Friday, April 19, 2013

Chick Mama

Yes, I'm a chick mama. Notice I did not say chic mama. I doubt many would consider me chic, and I'm not a mother to any human offspring. But I am a chick mama to thirteen babies, with still more to come, hopefully. I've spent yesterday and today anxiously watching my little ones struggle to make their entrance into the world. Even though hatching is a bit stressful to watch, it truly is a wonder to behold.

On March 27, Robin and I placed 36 eggs from our hens into a borrowed Styrofoam incubator.

After carefully reading the instructions and the section on incubator hatching in Raising Chickens for Dummies, we marked the eggs with a pencil: an x on one side...

 and an o on the other.

Doing so was important, for the eggs had to be turned at least twice a day, and having the x and o on each one made it easy to know which ones had already been turned. Robin has some experience with hatching chicks, both with an incubator and with a real live hen, but it had been many years since he had done so. I, on the other hand, have only last summer's experience with 80-some chicks that arrived by mail.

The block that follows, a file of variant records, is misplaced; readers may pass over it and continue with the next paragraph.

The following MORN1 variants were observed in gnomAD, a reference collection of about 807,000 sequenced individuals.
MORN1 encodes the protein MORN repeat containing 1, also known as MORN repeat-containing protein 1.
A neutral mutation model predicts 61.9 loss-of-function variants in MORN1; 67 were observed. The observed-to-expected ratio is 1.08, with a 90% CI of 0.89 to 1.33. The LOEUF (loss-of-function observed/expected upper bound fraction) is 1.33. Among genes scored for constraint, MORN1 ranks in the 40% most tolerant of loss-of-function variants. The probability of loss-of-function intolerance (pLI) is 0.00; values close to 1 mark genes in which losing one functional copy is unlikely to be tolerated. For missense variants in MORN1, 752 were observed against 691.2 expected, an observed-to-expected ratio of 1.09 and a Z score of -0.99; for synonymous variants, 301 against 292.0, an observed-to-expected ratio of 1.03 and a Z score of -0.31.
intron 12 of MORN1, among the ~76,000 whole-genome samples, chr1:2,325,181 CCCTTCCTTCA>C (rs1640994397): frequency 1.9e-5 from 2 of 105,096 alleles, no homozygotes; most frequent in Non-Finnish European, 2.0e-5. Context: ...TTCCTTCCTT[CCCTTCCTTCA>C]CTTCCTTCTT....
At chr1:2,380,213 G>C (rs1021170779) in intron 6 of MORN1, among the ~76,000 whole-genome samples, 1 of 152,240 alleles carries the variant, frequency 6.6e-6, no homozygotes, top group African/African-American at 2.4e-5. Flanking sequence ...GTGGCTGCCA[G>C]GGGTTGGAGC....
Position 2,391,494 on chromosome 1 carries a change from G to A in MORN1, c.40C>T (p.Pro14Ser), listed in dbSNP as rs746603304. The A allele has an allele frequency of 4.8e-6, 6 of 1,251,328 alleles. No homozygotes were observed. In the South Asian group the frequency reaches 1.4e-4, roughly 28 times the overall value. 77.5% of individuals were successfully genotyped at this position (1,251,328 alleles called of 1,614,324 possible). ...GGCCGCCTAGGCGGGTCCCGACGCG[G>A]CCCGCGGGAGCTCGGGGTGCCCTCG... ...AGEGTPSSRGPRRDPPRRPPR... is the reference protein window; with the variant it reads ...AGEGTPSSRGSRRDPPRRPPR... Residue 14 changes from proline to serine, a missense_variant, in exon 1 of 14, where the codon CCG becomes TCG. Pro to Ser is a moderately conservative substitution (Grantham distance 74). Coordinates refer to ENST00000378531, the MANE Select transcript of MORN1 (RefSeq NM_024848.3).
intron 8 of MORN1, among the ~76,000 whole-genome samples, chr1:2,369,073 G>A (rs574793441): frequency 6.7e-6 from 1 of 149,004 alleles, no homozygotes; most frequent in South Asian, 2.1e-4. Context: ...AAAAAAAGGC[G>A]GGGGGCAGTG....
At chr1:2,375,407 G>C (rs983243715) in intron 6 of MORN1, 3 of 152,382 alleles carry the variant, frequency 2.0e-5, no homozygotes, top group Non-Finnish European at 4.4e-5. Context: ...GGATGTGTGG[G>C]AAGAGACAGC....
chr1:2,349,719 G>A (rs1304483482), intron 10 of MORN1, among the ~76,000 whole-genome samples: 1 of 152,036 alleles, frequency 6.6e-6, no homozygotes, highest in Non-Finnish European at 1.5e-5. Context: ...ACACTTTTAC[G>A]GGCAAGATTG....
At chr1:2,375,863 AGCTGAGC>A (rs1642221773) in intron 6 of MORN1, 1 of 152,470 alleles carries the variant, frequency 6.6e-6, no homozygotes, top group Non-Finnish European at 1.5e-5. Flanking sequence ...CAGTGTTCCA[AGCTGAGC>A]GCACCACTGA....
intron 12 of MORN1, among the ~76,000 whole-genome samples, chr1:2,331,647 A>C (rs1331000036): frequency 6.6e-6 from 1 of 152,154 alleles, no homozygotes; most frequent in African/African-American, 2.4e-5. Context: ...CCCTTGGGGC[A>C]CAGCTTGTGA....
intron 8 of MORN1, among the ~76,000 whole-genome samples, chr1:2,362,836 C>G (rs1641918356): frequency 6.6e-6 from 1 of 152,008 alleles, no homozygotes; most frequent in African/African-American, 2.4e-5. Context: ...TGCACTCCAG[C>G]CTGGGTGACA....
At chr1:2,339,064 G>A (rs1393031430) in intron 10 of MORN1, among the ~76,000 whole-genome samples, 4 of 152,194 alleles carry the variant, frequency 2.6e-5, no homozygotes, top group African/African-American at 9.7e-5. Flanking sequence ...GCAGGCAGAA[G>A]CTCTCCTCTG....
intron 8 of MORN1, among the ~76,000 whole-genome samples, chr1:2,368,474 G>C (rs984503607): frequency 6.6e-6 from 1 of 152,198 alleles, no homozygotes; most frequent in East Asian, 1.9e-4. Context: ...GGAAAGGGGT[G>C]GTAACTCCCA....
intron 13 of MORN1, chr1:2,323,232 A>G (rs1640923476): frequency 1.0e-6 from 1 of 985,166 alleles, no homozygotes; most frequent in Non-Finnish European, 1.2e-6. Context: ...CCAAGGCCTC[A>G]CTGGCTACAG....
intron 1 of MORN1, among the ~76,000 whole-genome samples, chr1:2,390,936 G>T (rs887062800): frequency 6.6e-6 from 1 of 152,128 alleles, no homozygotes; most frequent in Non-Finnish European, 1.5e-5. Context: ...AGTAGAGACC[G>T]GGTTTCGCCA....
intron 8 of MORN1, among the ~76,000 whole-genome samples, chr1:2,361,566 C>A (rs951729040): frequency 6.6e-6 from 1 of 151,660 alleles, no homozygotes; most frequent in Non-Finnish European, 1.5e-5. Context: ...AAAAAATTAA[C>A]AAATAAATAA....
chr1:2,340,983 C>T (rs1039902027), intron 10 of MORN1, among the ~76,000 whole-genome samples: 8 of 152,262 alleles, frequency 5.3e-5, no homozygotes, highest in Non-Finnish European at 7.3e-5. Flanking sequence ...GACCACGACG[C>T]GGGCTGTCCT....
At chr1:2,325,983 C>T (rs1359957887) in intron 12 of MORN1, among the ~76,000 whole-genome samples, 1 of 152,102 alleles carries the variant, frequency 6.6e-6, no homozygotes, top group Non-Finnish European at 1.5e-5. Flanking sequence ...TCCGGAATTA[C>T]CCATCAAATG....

On a warm June morning, close to a year ago now, we picked up our order of baby chicks at the local post office. The box containing over 80 three-day old chicks was considerably smaller than a suitcase and made the final leg of its journey from the Iowa hatchery in the back of a very large truck.

 Once our "package" had been duly received by the post office,

we took it home and settled the babies into two large cattle feed tubs in our basement.

The next four weeks were busy with feeding and watering dozens of little mouths and cleaning up after those same dozens of little fuzzy behinds. Add to that the derecho storm and the 7-day heat wave that followed with no electricity, and this chick mama was pretty frazzled indeed. But, thanks to some divine protection from my inexperience, we lost only one baby chick. Weeks later, when the flock was big enough to survive in the chicken yard with the grownups, we divided them with my brother-in-law. And weeks after that, sadly, many of the roosters found their way into our freezer, since a hen can only take so much. And just recently, a wily 'ole fox managed to make off with almost a dozen of our little chicks-that-grew-into-hens before we were able to (hopefully) fence him out.